Equally indecent were the events signaling the start of the seasonal freak show Filipinos call elections in this country. First came press reports that the Liberal Party coalition had completed “its” Senate line-up, which turned out to be less its coalition than that of four other, supposedly contending groups. Then followed the Club Filipino announcement, during which Mr. Aquino didn’t flinch when introducing his cousin “Bam” Aquino, whose qualification is his surname, among his candidates for the Senate.
Mr. Aquino even belabored his kinship with his cousin, referring several times to his parents and, in so many words, how they would have approved. Meanwhile, running for the Senate in the United Nationalist Alliance, or UNA, as if to make sure the clan would always have a hold on power, was Mr. Aquino’s aunt Margarita Cojuangco.
But the Aquinos were not alone in this public display of dynastic cohesion. The same UNA had Enrile’s son Jackie and Joseph Estrada’s son JV in its Senate slate, while Edgardo Angara’s son Sonny was in the Liberal Party coalition. In both groups were also the usual assortment of people who have long ran out of ideas, but who still think they have anything to say, or who never did anything in Congress, unlike those who did do something, but who were conspicuously absent from either roster. In between the two groups was a phenomenon unique even for this country: that of “common candidates,” meaning people who were in the slates of BOTH coalitions.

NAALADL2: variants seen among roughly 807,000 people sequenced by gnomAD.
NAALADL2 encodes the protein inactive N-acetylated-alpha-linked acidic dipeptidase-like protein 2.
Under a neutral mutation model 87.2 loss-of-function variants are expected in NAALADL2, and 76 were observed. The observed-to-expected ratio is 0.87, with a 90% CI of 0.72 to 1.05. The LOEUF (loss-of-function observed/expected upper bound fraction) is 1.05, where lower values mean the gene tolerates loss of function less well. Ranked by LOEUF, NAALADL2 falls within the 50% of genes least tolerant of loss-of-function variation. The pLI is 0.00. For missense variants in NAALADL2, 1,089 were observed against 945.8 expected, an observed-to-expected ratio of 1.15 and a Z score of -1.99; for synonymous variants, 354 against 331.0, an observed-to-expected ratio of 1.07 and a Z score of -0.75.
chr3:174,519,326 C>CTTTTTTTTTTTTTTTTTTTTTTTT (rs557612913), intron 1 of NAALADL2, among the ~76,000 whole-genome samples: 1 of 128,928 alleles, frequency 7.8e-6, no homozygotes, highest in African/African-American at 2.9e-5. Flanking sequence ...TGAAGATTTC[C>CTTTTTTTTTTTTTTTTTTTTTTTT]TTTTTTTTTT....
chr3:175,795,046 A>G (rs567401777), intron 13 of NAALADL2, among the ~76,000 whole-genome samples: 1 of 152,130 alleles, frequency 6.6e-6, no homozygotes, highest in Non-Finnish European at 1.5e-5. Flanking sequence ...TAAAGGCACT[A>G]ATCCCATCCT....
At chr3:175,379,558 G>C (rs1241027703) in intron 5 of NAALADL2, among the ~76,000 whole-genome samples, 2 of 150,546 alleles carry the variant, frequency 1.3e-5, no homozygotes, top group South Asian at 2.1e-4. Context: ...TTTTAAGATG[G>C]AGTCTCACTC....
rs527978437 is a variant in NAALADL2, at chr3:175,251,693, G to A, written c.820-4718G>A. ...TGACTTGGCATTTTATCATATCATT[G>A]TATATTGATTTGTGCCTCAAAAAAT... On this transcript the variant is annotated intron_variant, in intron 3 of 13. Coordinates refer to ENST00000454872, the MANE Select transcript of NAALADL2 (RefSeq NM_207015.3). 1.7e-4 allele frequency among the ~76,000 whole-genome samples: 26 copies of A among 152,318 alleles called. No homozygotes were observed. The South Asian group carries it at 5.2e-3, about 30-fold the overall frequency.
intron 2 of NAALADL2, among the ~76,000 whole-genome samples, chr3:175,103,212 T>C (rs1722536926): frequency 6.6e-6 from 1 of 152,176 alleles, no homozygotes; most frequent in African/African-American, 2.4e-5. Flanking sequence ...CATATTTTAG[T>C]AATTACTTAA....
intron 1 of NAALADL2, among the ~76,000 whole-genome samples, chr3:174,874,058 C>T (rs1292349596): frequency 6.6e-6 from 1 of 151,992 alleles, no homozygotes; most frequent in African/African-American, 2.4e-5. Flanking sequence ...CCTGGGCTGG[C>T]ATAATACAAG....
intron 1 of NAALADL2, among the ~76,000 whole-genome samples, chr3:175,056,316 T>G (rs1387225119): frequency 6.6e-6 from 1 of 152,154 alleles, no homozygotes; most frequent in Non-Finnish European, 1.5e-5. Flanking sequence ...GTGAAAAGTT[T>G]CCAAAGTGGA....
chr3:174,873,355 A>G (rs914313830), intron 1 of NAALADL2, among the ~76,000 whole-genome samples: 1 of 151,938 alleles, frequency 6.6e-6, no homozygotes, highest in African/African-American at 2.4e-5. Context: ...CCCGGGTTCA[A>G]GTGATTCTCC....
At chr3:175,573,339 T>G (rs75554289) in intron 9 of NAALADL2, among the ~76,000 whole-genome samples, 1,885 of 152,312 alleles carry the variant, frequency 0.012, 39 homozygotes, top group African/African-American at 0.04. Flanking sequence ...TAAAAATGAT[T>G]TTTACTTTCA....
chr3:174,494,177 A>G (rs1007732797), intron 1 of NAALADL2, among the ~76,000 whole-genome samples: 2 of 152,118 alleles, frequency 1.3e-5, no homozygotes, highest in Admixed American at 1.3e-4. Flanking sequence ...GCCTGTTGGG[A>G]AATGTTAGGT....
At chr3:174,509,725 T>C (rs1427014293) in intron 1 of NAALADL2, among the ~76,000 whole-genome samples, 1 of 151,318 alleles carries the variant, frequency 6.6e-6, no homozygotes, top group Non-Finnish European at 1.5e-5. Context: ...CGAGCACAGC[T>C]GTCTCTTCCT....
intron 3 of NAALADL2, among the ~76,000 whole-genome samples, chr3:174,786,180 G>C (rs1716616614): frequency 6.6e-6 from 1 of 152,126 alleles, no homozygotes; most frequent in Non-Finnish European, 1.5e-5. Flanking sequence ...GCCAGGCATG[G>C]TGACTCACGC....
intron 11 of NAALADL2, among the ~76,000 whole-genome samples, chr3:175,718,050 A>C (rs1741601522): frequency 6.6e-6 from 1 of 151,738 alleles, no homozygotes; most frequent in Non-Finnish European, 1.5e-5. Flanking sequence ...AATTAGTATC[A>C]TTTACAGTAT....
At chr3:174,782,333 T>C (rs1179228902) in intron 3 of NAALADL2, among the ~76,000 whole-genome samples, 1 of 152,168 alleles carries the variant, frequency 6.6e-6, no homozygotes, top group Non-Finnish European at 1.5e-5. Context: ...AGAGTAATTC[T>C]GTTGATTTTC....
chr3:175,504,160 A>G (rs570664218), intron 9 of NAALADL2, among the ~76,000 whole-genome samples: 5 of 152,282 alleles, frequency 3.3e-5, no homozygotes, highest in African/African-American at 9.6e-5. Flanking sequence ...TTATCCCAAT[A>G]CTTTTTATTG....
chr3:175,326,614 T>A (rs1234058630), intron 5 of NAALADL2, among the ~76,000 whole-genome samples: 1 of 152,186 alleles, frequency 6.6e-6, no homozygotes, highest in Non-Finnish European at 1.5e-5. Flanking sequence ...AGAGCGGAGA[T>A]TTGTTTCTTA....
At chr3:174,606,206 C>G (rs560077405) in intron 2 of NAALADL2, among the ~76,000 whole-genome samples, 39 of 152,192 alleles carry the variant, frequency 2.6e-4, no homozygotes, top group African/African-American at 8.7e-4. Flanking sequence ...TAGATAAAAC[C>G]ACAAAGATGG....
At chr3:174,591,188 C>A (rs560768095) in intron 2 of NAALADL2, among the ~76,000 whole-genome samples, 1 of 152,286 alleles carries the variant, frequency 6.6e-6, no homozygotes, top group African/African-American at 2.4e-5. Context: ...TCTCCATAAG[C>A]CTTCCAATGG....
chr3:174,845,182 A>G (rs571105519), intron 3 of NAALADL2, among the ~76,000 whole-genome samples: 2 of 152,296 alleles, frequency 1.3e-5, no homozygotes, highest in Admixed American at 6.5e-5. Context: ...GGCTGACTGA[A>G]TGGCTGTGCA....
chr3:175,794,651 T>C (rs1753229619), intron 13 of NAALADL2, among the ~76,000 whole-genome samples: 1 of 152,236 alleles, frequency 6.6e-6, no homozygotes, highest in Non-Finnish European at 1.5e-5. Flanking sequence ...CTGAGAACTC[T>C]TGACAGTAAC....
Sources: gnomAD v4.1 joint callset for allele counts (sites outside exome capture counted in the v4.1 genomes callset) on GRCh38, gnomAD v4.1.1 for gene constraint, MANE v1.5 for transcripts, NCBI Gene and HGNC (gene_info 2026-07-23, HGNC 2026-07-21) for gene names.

What other evidence than these validate the view that Philippine elections are not contests over principle, platforms, or programs, but veritable conspiracies among a class of people that, having shared power with Spanish conquistador, Yankee carpet-bagger, and Japanese invader, has been monopolizing political power in these isles of forgetfulness since 1946 and dooming its people to eternal poverty, social injustice, and misery?
These are the people who claim to be part of the solution, but who’re as much part of the problem in this country as dengue, tuberculosis, earthquakes, floods and typhoons—and who, much like those natural adversities, reproduce themselves in wives, sons, daughters, aunts, uncles, brothers and sisters so prodigiously even the Pacquiaos—Manny and his brother and his wife—are getting into the dynastic act by seeking re-election and election in 2013: he for the same Sarangani district he’s been neglecting since he was elected, his brother for another seat in Congress, and she for vice governor of Sarangani province.
But what of it? The House of Representatives is already teeming with hardly sentient beings, anyway. And Gregorio Honasan and Antonio Trillanes IV are after all already senators, and running again in 2013, the only difference between them being the people they launched coup attempts against. And isn’t the only way you can tell between Vicente Sotto III and Francis Escudero is the difference in what they don’t know? The former didn’t know what plagiarism is, while the latter didn’t know that criminal libel is part of the Cyber Crime Prevention Act when he signed it.
The mantra so piously hummed by election advocacy groups every election period is that people must go out and vote. There’s only one answer to that, and it’s a question: what in Heaven’s name for?—or, to put it in another way, who will they vote for, tweedle dum or tweedle dee?